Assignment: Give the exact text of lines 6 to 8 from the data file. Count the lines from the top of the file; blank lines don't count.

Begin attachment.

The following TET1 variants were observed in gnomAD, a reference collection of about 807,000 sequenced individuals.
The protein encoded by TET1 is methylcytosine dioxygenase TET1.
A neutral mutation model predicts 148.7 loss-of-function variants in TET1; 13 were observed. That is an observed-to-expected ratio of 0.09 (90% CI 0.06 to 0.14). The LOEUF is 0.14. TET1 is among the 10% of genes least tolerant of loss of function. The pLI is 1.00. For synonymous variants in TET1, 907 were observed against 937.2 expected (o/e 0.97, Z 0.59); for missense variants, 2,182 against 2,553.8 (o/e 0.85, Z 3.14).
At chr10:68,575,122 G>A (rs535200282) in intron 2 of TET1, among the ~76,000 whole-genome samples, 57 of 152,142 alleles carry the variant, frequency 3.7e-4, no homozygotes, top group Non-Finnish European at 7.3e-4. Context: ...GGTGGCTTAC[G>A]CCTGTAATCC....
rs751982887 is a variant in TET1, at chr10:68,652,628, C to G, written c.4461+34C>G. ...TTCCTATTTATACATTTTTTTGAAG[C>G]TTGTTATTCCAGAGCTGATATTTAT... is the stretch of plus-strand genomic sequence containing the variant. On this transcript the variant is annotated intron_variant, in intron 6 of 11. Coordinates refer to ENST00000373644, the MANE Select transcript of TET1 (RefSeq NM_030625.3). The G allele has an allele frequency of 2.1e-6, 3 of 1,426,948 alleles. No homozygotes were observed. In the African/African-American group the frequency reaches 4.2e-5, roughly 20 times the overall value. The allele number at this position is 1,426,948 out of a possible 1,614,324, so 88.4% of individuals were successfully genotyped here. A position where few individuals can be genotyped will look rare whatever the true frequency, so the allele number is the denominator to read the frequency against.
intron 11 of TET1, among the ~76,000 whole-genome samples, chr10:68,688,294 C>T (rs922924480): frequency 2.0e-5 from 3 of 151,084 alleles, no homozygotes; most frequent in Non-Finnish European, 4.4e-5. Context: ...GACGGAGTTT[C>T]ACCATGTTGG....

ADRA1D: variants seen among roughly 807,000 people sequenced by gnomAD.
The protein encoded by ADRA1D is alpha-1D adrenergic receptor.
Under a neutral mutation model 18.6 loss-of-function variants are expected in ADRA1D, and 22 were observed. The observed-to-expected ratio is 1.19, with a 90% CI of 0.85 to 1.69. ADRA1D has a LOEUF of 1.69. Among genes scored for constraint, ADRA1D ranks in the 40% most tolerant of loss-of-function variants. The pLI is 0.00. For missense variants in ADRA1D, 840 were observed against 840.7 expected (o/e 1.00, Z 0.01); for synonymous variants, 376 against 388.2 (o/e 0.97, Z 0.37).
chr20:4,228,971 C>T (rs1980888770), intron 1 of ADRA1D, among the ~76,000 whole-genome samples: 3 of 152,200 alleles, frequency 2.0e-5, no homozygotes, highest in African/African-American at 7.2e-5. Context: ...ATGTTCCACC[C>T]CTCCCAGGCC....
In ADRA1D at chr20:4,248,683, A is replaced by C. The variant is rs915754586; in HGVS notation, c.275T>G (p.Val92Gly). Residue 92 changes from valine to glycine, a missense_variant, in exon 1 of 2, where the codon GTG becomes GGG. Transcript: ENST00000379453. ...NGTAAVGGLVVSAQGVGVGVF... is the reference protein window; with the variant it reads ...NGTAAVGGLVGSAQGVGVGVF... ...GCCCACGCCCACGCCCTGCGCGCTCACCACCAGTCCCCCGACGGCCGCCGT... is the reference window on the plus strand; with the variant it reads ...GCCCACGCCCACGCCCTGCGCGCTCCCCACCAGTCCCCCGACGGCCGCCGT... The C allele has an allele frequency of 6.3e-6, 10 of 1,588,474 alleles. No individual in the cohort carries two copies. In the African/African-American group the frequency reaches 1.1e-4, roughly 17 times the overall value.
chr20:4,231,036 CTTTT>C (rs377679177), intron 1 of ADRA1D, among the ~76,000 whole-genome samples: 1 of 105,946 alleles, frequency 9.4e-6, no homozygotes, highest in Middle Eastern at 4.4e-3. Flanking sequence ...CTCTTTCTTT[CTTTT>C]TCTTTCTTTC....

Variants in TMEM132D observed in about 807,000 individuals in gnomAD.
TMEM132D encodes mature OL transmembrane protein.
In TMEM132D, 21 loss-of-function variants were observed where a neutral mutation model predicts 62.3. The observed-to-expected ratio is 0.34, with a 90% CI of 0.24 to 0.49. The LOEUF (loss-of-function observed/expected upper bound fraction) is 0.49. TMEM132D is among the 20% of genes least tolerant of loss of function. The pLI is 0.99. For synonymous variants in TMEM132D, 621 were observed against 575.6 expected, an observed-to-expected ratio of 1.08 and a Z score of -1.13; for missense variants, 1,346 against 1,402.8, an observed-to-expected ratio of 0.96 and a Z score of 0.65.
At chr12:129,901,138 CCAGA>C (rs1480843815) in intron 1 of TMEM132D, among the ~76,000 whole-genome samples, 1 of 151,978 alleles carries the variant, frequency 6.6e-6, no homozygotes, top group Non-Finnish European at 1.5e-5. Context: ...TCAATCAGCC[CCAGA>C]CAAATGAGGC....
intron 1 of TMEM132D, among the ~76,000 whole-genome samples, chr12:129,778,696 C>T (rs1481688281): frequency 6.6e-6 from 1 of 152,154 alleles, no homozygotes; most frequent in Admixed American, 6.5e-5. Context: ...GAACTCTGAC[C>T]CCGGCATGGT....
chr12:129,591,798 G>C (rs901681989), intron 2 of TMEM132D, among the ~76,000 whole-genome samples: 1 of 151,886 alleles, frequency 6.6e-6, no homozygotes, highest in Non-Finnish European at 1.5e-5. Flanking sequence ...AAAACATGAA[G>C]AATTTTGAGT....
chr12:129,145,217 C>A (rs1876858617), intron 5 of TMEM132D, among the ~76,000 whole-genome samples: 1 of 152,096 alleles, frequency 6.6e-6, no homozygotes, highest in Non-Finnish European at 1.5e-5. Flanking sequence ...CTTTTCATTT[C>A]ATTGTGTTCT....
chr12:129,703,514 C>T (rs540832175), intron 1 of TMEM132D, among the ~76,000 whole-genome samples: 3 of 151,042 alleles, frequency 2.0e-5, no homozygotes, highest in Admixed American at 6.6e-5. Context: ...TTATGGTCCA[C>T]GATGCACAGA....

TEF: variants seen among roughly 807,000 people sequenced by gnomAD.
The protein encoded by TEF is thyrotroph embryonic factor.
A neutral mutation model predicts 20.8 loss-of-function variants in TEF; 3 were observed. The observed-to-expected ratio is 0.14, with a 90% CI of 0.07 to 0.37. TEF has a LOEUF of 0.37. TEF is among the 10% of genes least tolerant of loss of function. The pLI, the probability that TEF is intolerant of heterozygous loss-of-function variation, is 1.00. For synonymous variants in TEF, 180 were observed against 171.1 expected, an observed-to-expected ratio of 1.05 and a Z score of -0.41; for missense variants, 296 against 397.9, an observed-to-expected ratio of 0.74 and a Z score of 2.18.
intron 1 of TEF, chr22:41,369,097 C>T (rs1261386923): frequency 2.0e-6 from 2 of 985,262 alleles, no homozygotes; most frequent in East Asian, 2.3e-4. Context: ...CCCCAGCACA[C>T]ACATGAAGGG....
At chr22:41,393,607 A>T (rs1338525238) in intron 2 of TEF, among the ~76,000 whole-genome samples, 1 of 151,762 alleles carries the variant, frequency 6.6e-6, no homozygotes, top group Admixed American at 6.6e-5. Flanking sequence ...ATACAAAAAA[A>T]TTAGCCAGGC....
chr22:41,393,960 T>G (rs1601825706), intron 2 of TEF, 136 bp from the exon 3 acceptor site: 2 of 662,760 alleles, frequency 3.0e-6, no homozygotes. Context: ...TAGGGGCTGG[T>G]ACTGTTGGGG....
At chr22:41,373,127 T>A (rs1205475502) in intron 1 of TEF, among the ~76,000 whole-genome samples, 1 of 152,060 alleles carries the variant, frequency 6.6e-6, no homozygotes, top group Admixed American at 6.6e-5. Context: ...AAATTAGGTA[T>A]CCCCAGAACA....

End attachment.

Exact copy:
intron 11 of TET1, among the ~76,000 whole-genome samples, chr10:68,688,294 C>T (rs922924480): frequency 2.0e-5 from 3 of 151,084 alleles, no homozygotes; most frequent in Non-Finnish European, 4.4e-5. Context: ...GACGGAGTTT[C>T]ACCATGTTGG....

ADRA1D: variants seen among roughly 807,000 people sequenced by gnomAD.
The protein encoded by ADRA1D is alpha-1D adrenergic receptor.